Biblical prophecy is much more concerned with how God’s people live in the present than with predicting the future. The future is God’s. Those who trust in God can be assured of their security in God’s future. The biblical prophets certainly proclaimed that message. But they were especially interested in getting people to trust in God right now, and to live right now in light of that trust.
Old Testament prophets spoke about how the people lived unfaithfully to the ways of their God, departing from the expectations for life articulated in Torah. The prophets spoke about how God demands that the people change their ways – if not they will suffer consequences. At this point, the prophets did speak of the future. You will, in the future, suffer for your present disregard of God’s ways. The point even then, though, was not predicting as a kind of gift of knowledge about what will inevitably happen. The predictions of future consequences are conditional. This is what will happen if you don’t change. The prophet’s main point is to challenge the people to change.
The basic problem in ancient Israel was that the society had changed in big ways from what the great leaders Moses and Joshua and Samuel had wanted. Their hope had been for a vine and a fig tree for every family. The society as a whole would be most healthy when each family worked its own land, when all the people were prosperous – none too rich, none too poor.
Things changed greatly, though, after Samuel’s time. Some people had become quite rich, and many others were very poor. The poor people were dispossessed and mistreated.
The prophet Amos, the first of the “writing prophets,” entered the scene in the northern kingdom of Israel and expressed a harsh indictment, speaking God’s words critiquing the people: “They sell the righteous for silver, and the needy for a pair of sandals – they who trample the head of the poor into the dust of the earth, and push the afflicted out of the way; father and son go in to the same girl, so that my holy name is profaned” (2:6-7). Amos charges that Israel’s society is unjust. The main moral trait that describes the society is “injustice.”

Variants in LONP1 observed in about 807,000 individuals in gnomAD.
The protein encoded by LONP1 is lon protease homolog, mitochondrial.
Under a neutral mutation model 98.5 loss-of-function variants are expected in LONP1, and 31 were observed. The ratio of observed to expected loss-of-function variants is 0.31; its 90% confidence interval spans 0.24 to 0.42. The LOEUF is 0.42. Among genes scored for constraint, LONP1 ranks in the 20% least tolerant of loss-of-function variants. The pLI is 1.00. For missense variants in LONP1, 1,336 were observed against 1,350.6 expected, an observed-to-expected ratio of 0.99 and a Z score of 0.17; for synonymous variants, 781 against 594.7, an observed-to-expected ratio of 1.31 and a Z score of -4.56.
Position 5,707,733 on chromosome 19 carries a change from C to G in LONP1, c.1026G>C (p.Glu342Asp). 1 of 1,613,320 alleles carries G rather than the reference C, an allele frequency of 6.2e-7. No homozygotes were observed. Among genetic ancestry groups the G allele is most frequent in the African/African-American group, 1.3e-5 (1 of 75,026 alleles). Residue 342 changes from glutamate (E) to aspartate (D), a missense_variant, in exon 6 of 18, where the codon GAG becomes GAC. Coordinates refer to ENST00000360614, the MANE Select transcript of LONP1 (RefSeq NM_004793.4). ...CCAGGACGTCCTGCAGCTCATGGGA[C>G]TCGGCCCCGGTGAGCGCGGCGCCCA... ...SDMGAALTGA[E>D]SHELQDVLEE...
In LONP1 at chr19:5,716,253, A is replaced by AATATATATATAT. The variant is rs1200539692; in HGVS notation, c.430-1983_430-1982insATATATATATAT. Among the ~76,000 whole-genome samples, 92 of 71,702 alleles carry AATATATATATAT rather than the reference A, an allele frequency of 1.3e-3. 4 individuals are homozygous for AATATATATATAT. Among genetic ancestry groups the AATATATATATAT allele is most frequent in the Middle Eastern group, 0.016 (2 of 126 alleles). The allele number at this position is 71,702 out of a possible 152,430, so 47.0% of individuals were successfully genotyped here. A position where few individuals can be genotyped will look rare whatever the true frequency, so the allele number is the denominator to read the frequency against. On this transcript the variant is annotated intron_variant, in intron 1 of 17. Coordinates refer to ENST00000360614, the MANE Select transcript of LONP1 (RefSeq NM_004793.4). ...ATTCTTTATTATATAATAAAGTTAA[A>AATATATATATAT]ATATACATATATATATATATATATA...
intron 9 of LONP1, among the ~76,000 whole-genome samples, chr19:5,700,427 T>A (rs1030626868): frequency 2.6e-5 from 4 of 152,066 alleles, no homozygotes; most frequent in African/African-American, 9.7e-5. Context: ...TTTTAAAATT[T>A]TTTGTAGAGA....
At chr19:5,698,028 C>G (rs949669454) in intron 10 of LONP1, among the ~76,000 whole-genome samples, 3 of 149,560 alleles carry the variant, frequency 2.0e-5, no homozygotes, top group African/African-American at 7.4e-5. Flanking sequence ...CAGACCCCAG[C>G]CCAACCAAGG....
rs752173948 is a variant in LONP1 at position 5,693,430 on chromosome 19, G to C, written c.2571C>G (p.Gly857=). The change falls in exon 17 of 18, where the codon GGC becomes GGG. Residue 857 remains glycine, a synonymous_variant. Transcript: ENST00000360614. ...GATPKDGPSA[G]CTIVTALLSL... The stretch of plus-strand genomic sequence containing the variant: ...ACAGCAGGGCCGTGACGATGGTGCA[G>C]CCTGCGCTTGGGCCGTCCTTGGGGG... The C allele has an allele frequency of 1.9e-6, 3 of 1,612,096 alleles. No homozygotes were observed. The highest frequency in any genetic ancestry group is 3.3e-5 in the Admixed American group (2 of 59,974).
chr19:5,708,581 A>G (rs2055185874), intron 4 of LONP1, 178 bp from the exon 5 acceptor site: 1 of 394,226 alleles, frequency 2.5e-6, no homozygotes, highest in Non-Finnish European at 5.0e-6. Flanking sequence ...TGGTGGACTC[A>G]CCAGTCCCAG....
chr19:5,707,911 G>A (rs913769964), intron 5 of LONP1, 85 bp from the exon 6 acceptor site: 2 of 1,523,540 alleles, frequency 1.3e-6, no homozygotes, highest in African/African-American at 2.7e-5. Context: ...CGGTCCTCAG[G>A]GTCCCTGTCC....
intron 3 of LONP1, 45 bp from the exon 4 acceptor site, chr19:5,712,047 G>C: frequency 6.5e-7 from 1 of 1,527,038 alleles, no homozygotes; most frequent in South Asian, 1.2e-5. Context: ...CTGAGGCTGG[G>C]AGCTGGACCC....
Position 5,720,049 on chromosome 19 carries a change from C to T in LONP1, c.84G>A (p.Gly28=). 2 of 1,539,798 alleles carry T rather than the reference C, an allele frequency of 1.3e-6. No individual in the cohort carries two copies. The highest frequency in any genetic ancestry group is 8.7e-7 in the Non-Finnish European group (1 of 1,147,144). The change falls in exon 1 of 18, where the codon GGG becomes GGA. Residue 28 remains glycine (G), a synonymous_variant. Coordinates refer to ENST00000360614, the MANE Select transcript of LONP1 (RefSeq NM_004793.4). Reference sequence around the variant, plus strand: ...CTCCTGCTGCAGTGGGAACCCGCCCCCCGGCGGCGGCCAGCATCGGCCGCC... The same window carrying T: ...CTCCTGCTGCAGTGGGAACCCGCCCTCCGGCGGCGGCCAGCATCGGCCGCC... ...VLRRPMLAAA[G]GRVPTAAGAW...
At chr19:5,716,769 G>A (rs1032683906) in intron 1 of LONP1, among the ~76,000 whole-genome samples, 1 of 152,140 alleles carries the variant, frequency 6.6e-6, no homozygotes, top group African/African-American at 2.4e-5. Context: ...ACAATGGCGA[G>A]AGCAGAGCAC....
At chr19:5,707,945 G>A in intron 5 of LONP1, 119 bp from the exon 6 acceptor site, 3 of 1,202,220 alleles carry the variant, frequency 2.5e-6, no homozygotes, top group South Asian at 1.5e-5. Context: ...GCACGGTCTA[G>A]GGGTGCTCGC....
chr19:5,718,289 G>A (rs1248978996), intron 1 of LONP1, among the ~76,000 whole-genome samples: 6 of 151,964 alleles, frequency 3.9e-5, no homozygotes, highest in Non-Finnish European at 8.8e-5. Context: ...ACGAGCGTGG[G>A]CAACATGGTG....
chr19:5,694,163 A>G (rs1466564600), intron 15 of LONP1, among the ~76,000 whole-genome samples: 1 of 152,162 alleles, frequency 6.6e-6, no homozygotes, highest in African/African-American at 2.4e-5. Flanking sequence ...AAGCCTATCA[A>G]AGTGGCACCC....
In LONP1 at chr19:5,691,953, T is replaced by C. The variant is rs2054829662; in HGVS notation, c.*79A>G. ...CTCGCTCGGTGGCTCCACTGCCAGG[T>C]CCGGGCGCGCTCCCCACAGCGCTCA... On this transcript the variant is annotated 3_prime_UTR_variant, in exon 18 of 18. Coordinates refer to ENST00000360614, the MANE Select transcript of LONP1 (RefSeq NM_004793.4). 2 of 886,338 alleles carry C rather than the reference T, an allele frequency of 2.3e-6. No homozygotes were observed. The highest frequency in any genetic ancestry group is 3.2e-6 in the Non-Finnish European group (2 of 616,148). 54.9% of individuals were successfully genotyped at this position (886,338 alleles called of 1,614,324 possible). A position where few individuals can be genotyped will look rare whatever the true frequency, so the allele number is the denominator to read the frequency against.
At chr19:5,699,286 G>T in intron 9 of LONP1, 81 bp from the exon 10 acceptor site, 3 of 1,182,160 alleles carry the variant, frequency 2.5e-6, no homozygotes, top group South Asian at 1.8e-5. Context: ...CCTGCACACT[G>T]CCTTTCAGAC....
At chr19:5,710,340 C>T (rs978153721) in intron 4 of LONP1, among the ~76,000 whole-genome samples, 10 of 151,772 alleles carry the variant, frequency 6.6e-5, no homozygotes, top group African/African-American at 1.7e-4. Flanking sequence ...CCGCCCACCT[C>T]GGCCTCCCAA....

What are the dynamics of injustice? One is depersonalization. The problem here is that people with power and wealth treat other people as things. They are not fellow human beings, fellow believers, people to be treated as brothers and sisters, fellow members of the same covenant community, all of whom worship the same God. Rather, the rich treat the poor as having little value. For the rich creditors, money has more value than people. The rich sold the needy into slavery because the poor cannot pay back the small amount needed to pay for a pair of sandals.
Injustice requires depersonalization. We find it much easier to hurt or disregard people we have depersonalized than we might people toward whom we feel empathy and compassion and a sense of connectedness.
A second dynamic is exploitation. Amos speaks out: “They…trample the head of the poor into the dust of the earth, and push the afflicted out of the way; father and son go in to the same girl” (2:7). Exploitation has to do with using someone else to one’s own advantage or to satisfy one’s own desires regardless of the cost to that person. In Amos’s day, that meant economic exploitation. It also meant sexual exploitation – the ages long sad story of men overpowering women.
The third aspect of injustice, in Amos’s eyes, is religiosity. This is the worst of all. Shockingly, he sees depersonalization and exploitation going hand in hand with active religiosity in Israel. The powerful people not only hurt the weak in the name of increased power and wealth, they assumed that God was blessing them. They believed their power and wealth were a sign of God’s blessing.
In the face of this injustice, Amos offers a corrective. His solution is not to turn to religious practices. God says: “Even though you offer me your burnt offerings…, I will not accept them; and the offerings of well-being of your fatted animals I will not look upon” (5:22). The solution to the crisis is not to be found first of all at the temple or through their religious practices.
“Seek me and live;” God says, “but do not seek Bethel, and do not enter into Gilgal or cross over to Beer-sheba; for Gilgal shall surely go into exile and Bethel shall come to nothing” (5:4-5). Bethel, Gilgal, and Beer-sheba were three of the main religious centers in Israel. But that is not where God is to be found in this time of crisis. Amos says seeking God there will only make things worse unless the peoples’ social practices change.